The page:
Carson City issues permit for marijuana distributor
The Planning Commission on Wednesday issued the first special use permit for a Carson City marijuana distributor.
Paladin is owned by Kurt Brown, owner of Capital Beverages, a local liquor distributor which is located in a light industrial zone of the city.
The business had planned to operate out of its existing location, but the city decided to exclude all kinds of marijuana businesses from light industrial, which often border residential areas.
By state law, marijuana distributors are supposed to pick up the product from producers and deliver directly to retailers without storing it on site. But the law also allows them to keep marijuana on premises under extenuating circumstances.
Paladin argued it should be grandfathered in and allowed to operate out of a light industrial zone, but the Board of Supervisors disagreed so Paladin decided to relocate to 3160 N. Deer Run Road, which is zoned general industrial, where distributors are allowed as a conditional use requiring a SUP.
Paladin distributes marijuana statewide. The sale of recreational marijuana in Carson City will be allowed as of Jan. 1.
The commission also approved a variance for the current phase of the Silver Oak residential development, which includes 44 new houses.
The variance allows roofs 36-foot high to the ridgeline and 18-foot driveways.
The commission voted to recommended to the supervisors changes in the ordinance covering fence materials in the city’s historic district. Last year, the Historic Resources Commission decided a recently installed vinyl fence at a house in the historic district wasn’t allowed under the city’s development standards and had to be removed. The homeowner appealed the decision to the Board of Supervisors, which upheld it. But the board agreed the code was unclear and directed the historic commission to come up with a clarifying amendment.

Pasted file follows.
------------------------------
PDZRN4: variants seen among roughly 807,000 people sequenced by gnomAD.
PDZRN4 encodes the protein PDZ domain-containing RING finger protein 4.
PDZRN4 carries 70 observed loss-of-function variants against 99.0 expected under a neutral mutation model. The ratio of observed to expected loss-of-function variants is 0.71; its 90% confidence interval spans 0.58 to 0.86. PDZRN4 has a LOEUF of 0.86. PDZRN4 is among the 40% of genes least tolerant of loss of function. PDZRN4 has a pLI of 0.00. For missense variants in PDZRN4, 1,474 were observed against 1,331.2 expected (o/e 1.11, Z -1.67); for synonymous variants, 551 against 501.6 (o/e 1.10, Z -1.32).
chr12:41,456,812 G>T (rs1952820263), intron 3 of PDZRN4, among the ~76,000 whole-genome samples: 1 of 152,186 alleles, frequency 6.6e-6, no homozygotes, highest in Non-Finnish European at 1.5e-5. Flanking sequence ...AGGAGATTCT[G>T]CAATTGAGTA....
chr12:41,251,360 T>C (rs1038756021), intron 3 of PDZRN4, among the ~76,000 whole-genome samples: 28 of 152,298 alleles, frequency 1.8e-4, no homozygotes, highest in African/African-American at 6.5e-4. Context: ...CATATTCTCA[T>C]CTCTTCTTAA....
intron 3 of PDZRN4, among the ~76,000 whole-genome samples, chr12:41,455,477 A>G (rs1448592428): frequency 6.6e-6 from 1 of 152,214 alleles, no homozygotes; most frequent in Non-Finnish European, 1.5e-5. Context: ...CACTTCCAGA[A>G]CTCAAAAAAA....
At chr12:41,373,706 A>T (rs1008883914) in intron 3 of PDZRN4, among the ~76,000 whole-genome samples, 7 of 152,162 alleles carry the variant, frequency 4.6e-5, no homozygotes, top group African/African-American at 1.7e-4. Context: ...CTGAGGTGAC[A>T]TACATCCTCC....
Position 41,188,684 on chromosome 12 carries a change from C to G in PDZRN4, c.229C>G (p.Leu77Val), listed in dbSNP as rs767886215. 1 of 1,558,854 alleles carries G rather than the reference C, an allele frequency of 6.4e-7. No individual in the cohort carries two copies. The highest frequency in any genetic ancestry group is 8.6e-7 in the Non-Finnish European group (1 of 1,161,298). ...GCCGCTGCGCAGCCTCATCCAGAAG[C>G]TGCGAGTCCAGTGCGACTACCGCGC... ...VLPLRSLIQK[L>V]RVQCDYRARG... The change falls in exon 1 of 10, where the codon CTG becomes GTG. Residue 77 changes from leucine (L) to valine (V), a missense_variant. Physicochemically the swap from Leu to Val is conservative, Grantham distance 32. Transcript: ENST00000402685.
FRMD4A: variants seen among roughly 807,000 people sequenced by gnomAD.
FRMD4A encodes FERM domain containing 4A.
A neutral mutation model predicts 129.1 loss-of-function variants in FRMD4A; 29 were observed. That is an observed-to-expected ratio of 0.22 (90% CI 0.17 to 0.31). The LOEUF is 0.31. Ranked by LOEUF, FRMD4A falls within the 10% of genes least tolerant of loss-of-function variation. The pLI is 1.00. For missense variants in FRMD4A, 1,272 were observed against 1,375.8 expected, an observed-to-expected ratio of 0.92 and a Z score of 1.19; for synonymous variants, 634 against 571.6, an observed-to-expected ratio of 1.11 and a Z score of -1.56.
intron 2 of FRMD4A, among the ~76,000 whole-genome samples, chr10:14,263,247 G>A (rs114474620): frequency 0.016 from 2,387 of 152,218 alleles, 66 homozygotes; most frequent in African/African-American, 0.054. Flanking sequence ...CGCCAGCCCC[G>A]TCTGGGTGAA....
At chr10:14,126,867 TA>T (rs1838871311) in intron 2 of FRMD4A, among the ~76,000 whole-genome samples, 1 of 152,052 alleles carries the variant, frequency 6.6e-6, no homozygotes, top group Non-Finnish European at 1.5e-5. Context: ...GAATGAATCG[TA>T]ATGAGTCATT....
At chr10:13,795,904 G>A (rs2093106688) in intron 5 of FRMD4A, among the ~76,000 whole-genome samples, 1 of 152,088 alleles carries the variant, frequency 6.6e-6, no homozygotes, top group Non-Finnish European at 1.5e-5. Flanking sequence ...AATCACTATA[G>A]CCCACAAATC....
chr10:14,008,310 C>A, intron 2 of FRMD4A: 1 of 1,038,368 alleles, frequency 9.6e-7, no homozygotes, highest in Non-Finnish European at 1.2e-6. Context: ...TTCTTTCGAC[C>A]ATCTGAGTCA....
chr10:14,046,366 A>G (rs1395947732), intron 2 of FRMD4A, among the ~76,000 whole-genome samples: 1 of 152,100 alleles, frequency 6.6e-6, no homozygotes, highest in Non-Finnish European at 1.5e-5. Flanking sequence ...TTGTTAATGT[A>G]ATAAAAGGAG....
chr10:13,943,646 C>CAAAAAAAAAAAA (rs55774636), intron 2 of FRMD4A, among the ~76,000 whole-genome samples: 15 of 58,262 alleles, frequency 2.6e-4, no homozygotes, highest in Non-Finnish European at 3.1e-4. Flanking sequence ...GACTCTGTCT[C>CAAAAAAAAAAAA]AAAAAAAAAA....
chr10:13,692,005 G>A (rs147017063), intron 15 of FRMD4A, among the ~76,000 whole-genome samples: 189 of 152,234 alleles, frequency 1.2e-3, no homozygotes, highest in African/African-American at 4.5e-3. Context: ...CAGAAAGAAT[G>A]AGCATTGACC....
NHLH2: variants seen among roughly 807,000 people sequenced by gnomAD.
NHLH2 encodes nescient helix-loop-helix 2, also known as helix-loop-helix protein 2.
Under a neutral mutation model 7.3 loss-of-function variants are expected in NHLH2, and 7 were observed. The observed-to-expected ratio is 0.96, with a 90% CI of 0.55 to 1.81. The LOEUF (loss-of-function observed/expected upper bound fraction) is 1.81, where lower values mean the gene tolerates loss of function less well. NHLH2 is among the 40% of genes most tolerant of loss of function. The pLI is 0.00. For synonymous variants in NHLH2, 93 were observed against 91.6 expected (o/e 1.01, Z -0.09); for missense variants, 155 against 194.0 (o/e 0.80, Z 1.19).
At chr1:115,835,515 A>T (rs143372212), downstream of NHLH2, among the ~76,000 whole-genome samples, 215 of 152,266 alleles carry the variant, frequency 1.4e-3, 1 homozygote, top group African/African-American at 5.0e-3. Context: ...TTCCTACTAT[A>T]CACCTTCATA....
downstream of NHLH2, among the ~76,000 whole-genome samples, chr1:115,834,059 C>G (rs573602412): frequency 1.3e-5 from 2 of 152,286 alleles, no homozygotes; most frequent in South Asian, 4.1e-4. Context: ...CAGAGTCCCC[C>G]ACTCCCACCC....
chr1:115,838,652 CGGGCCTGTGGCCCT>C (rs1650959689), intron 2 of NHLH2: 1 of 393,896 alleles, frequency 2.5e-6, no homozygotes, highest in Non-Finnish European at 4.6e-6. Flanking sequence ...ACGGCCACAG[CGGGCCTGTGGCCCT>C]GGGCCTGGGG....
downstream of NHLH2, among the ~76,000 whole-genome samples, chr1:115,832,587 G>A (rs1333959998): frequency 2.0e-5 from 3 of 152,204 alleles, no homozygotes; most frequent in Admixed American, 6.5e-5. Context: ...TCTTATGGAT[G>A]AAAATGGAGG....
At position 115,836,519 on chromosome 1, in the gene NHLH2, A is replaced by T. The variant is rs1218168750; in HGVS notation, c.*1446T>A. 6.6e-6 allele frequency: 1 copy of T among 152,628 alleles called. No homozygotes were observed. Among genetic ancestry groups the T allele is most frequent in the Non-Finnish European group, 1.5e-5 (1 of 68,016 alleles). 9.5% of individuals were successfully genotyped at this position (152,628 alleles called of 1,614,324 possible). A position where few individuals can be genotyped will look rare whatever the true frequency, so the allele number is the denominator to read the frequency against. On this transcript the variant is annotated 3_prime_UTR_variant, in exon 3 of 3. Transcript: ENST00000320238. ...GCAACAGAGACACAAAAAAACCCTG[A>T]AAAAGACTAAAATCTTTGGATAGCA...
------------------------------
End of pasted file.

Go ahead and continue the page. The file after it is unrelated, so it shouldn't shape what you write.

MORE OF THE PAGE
The change now prohibits vinyl fencing while giving the commission the authority to waive the prohibition at its discretion.
Some commissioners were unhappy with the recent change to the way the commission will be chosen in the future.
The Board of Supervisors at its last meeting voted to institute a new procedure in which newly-elected supervisors each nominate a member of the seven-member commission while two spots remain at-large members who are chosen from residents who apply for it.
Currently, the entire commission is chosen through applicants who are interviewed and voted on by the supervisors.
The new system should start next year when two supervisor seats — those held by Karen Abowd and Lori Bagwell — are up for election.
“It looks like we’re becoming a puppet of the board,” said Charles Borders, vice chair of the Planning Commission, after Lee Plemel, director, Community Development, updated the commission on the change. “It’s a terrible precedent for them to set.”
Commission member Hope Tingle agreed.
“Frankly, this is a direct attempt to taint, and maybe that’s a strong word, the Planning Commission make up,” said Tingle.
The full effects of the pandemic on commercial office space in Northern Nevada likely won’t be revealed for years, but landlords across America remain on edge as millions of white-collar workers transition to home offices — and those who remain work under new safety standards and distancing protocols.